I still receive messages through this page from time to time. Traffic is nowhere near where it used to be, but apparently it's enough to warrant me checking my inbox more frequently than I had been. Sorry!!! :D
Anyway, I still receive questions about my marriage to my ex-husband, and I think that's because a good many of you found me by searching for advice about your own mixed-faith relationships. Some of the most frequent questions I get are "How did you make it work?" or "What were the warning signs?"
I always, always, always caution folks not to use me or my relationships as a barometer for their own. Doesn't seem to stop anyone, though. Ha ha.
Anywho, the most recent question I got was "Why did you marry him if you knew he wasn't Catholic?"
I believe I've written about this elsewhere, but when John and I were dating, I made it very clear what my stance was on children, marriage and the role of Faith within that marriage. Being a product of my own parents who were mixed-faith (Mom is Catholic and my dad is agnostic), I didn't see any issue marrying someone who wasn't Catholic. As long as he did not object to me practicing my faith and raising the children in that faith, I didn't really care. His faith journey is his own, and I was content with that. I never attempted to push him to attend Mass with me, I never asked him to pray a rosary with me, and I certainly never tried to convert him. I've always believed that faith journeys are super personal, so me attempting to force something someone isn't ready for is counterproductive.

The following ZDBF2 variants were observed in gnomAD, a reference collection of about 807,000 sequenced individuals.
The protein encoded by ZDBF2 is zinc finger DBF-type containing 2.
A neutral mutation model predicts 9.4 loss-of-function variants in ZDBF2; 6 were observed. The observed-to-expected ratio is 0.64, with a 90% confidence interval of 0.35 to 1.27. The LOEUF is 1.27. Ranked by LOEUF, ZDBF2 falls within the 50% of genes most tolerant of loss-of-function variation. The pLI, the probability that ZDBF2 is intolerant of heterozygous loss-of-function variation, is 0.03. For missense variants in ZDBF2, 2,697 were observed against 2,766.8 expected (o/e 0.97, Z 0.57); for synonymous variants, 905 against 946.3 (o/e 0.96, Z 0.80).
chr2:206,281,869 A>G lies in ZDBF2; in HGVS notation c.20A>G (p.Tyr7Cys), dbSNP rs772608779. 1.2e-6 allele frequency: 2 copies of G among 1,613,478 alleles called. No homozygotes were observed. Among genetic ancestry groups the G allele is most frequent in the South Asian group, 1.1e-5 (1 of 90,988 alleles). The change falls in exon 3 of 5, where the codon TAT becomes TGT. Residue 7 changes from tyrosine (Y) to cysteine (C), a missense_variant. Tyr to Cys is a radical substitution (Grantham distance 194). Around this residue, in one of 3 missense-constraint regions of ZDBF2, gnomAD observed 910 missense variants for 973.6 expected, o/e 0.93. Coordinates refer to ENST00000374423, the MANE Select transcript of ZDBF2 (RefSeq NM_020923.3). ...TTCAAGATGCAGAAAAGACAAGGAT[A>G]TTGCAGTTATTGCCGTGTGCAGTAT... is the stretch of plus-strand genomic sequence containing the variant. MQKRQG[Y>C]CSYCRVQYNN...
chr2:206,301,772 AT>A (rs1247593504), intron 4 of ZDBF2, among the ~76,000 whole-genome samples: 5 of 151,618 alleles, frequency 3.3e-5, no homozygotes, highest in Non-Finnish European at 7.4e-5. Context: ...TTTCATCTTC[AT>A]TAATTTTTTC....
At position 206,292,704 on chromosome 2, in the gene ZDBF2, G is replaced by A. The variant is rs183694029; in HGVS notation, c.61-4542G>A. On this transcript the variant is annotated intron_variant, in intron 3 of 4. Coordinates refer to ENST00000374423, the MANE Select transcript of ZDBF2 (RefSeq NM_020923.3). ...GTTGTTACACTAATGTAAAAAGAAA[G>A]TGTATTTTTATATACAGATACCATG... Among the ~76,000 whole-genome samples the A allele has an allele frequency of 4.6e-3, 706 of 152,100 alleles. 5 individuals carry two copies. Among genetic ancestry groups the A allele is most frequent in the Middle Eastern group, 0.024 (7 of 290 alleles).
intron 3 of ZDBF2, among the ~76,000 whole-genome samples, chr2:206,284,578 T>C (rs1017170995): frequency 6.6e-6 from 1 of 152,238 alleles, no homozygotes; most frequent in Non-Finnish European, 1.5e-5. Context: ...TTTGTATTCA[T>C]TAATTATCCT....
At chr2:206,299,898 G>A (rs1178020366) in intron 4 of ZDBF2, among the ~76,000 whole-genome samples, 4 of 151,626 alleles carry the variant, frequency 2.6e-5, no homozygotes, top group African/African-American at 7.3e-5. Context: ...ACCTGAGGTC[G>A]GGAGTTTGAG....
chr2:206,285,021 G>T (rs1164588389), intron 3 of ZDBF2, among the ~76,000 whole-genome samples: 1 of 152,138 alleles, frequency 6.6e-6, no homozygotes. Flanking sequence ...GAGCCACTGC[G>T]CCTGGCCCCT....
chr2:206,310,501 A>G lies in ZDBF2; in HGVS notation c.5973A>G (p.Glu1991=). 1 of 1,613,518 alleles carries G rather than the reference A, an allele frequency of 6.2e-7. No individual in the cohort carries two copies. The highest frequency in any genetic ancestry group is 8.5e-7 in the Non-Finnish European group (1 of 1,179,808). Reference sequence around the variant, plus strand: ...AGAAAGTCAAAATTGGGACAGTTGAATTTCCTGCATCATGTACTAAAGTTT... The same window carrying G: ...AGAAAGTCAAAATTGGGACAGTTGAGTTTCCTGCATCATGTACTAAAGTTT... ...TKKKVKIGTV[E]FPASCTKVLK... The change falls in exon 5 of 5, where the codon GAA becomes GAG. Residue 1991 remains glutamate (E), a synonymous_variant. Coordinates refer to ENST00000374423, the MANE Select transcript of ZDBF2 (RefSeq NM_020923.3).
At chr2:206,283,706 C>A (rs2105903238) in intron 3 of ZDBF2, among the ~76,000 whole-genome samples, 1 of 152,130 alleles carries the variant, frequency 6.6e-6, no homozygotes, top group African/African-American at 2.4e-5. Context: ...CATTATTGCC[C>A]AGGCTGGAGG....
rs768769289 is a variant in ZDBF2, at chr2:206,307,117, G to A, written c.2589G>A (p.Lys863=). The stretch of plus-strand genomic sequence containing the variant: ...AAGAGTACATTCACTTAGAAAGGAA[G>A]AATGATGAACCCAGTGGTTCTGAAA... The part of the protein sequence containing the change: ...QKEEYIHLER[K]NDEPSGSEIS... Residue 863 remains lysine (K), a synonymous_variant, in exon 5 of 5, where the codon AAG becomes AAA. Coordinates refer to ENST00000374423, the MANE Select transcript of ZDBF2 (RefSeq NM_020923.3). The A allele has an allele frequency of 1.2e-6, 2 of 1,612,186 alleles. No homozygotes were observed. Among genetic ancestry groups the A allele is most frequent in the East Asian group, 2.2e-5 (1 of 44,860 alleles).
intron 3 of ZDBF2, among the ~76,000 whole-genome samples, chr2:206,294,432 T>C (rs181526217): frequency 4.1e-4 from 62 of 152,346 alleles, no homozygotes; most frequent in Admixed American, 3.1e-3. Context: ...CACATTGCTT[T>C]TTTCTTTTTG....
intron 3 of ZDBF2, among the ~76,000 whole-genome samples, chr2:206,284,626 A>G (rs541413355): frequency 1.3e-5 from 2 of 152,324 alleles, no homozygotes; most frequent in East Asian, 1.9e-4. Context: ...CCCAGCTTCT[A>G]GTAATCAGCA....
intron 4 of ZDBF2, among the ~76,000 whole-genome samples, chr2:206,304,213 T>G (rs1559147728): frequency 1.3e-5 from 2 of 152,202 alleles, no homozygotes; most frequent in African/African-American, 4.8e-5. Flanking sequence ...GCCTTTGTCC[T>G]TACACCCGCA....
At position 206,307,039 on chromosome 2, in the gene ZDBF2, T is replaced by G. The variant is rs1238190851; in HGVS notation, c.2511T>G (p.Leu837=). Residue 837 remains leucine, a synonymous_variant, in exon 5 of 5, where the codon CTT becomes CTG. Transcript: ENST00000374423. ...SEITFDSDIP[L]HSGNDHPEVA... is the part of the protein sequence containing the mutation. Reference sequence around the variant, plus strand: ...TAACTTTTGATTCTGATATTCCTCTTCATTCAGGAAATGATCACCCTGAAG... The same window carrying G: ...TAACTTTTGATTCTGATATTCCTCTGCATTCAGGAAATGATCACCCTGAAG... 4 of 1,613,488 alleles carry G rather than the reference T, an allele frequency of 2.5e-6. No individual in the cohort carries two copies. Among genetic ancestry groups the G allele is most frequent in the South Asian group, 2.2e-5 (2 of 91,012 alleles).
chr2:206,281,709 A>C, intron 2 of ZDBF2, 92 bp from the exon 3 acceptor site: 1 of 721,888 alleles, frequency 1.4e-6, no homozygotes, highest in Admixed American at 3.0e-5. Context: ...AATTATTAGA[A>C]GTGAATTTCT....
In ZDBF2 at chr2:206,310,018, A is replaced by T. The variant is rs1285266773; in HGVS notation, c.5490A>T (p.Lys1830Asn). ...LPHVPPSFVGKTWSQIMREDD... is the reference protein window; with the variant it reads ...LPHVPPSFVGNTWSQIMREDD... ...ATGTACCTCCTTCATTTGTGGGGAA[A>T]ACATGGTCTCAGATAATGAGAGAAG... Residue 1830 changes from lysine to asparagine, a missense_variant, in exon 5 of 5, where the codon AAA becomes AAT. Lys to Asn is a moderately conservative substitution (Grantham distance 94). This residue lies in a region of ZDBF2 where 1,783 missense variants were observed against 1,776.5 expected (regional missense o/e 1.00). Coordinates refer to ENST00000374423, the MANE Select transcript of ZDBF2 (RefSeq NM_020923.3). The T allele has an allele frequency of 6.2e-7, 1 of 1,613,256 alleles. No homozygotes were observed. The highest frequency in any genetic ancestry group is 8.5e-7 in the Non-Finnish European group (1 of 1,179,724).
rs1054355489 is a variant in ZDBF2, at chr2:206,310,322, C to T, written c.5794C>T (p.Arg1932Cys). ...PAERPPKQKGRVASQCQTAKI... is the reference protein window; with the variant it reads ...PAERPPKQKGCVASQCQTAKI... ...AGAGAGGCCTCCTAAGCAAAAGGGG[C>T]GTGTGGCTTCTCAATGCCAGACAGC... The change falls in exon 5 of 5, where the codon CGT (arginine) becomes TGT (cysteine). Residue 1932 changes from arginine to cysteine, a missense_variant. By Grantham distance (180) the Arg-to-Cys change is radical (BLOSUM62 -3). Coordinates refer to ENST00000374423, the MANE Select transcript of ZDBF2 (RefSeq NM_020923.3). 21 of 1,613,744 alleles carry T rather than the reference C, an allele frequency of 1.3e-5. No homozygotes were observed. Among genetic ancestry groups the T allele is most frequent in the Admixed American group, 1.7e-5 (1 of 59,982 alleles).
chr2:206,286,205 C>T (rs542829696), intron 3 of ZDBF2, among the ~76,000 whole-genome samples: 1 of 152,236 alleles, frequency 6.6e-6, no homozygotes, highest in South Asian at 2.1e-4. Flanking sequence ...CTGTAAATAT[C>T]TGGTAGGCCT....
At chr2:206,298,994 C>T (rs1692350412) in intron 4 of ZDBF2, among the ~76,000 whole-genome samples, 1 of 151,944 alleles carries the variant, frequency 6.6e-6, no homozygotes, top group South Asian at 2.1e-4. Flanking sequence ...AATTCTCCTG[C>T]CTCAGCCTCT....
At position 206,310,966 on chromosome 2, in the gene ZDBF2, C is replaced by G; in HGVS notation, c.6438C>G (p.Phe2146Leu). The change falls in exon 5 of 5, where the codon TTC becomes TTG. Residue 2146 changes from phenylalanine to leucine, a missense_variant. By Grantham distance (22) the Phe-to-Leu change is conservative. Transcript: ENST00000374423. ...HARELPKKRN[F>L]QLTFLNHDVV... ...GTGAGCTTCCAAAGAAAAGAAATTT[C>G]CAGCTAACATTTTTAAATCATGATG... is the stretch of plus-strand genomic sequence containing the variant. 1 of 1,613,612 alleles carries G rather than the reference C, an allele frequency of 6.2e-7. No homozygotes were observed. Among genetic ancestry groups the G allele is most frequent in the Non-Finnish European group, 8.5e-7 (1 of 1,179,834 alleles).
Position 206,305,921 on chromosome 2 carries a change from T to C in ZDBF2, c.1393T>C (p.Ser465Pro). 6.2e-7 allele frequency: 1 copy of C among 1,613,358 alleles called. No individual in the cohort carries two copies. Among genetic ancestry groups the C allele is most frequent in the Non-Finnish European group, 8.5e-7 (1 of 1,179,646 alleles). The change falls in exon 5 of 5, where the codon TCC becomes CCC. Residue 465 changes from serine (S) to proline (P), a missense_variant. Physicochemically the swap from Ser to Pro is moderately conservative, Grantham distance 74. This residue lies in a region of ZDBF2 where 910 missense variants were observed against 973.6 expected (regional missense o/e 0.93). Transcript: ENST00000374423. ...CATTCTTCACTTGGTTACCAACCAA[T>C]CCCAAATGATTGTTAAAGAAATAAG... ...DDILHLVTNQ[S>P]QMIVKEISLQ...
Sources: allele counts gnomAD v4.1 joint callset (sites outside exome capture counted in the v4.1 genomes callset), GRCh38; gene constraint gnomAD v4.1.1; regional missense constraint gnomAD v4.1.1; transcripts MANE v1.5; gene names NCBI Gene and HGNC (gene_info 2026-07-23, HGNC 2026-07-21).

Thus, so long as John left me to my own devices in the same way I left him to his, it made no difference to me.
However, that changed on a trip to Cape May. We were engaged at that point, and decided to vacation over a long weekend. I got ready to go to Mass and he began lamenting that I would "always choose God over him."
I was super confused because it felt like it came out of left field. I always went to Mass, so I wasn't sure why he thought being in Cape May would suddenly change that. He said, "But we're on vacation."
I remember laughing and saying, "So?" It was ludicrous to me that he actually thought being on vacation would stop me from wanting to go to Mass... as though I would just "take a break" from being Catholic. I STILL laugh at that because it genuinely showcases how little he actually understood anything. But I digress...
I said, "I'm Catholic. You know I'm Catholic. That doesn't just stop because I'm on vacation."